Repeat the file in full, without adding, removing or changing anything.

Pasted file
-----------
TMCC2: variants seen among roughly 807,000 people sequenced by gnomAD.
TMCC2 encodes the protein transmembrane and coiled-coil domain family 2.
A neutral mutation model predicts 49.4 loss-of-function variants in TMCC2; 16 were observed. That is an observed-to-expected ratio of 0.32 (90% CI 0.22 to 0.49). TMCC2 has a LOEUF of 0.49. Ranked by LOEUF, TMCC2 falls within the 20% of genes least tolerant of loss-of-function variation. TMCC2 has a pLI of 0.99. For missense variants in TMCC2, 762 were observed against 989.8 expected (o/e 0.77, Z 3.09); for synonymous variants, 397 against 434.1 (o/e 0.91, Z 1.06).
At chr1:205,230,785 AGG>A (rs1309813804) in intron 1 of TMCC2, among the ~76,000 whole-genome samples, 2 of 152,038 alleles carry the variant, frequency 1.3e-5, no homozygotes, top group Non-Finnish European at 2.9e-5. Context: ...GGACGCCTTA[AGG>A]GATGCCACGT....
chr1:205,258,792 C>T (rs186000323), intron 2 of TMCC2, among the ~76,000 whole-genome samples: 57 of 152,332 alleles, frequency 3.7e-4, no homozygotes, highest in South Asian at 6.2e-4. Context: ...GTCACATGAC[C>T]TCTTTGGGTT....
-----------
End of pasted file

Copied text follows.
TMCC2: variants seen among roughly 807,000 people sequenced by gnomAD.
TMCC2 encodes the protein transmembrane and coiled-coil domain family 2.
A neutral mutation model predicts 49.4 loss-of-function variants in TMCC2; 16 were observed. That is an observed-to-expected ratio of 0.32 (90% CI 0.22 to 0.49). TMCC2 has a LOEUF of 0.49. Ranked by LOEUF, TMCC2 falls within the 20% of genes least tolerant of loss-of-function variation. TMCC2 has a pLI of 0.99. For missense variants in TMCC2, 762 were observed against 989.8 expected (o/e 0.77, Z 3.09); for synonymous variants, 397 against 434.1 (o/e 0.91, Z 1.06).
At chr1:205,230,785 AGG>A (rs1309813804) in intron 1 of TMCC2, among the ~76,000 whole-genome samples, 2 of 152,038 alleles carry the variant, frequency 1.3e-5, no homozygotes, top group Non-Finnish European at 2.9e-5. Context: ...GGACGCCTTA[AGG>A]GATGCCACGT....
chr1:205,258,792 C>T (rs186000323), intron 2 of TMCC2, among the ~76,000 whole-genome samples: 57 of 152,332 alleles, frequency 3.7e-4, no homozygotes, highest in South Asian at 6.2e-4. Context: ...GTCACATGAC[C>T]TCTTTGGGTT....